1. As a K-12 teacher I find your comment about office vs. classroom fascinating. I’ve often envied you all your offices and wished for a space that was mine apart from my students. However, I’ve never wanted to give up my classroom for it (really, I want both). I love the atmosphere that I and my students create and how one can clearly feel it simply passing through our door.
    I wonder if it as true for middle school and high school teachers who have many groups of students each day as it is for us in the elementary schools. It seems less likely at those levels.
    I also wonder how college professors could create the same positive aspects without having a classroom to call their own.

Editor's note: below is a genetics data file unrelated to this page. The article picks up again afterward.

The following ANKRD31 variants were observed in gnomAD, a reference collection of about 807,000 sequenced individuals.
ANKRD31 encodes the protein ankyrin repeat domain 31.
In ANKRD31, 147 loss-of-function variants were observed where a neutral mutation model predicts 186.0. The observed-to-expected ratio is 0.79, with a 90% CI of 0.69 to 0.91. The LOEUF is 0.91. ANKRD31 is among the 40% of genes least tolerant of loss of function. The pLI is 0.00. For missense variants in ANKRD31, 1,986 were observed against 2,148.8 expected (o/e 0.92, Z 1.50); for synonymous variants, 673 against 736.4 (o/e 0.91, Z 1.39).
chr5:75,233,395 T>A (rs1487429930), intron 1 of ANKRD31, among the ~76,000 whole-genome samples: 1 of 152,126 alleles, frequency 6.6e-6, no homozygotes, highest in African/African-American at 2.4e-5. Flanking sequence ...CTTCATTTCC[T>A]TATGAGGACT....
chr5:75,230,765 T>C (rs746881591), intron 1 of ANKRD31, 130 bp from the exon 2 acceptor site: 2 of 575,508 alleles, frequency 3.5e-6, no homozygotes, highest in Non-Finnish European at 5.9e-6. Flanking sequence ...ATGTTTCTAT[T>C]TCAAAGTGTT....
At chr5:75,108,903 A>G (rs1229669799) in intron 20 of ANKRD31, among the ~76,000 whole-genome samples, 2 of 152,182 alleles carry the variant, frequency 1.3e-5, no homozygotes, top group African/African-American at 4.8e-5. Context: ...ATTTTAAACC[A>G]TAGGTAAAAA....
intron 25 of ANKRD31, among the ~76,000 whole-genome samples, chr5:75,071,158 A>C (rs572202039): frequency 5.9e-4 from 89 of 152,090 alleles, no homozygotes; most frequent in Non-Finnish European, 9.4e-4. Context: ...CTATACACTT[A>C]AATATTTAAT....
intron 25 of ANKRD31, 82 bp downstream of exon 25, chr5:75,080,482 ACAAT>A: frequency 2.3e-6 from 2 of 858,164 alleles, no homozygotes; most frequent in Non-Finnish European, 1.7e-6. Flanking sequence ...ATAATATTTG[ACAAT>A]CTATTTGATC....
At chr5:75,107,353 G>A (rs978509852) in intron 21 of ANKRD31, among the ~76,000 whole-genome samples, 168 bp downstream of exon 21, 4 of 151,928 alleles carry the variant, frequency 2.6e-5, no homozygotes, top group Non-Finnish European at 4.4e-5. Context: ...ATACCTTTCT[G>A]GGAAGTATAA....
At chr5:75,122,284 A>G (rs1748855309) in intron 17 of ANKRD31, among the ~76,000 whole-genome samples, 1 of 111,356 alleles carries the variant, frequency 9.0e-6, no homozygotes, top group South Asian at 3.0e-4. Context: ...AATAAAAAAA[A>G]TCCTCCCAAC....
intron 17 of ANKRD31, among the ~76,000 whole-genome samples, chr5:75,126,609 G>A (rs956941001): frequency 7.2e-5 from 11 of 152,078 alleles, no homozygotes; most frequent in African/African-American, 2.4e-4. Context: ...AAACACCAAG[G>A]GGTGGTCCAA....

Thanks for the thought-provoking idea.

  2. Great post, Gardner. I, too, had never heard of collocation–and thanks to you, I am thinking once again about how my international students consistently contribute not only invaluable perspectives on the content of the course, but on the ways in which we use language, communicate, and interact with one another. Something important for me to consider as I pull together my new classroom…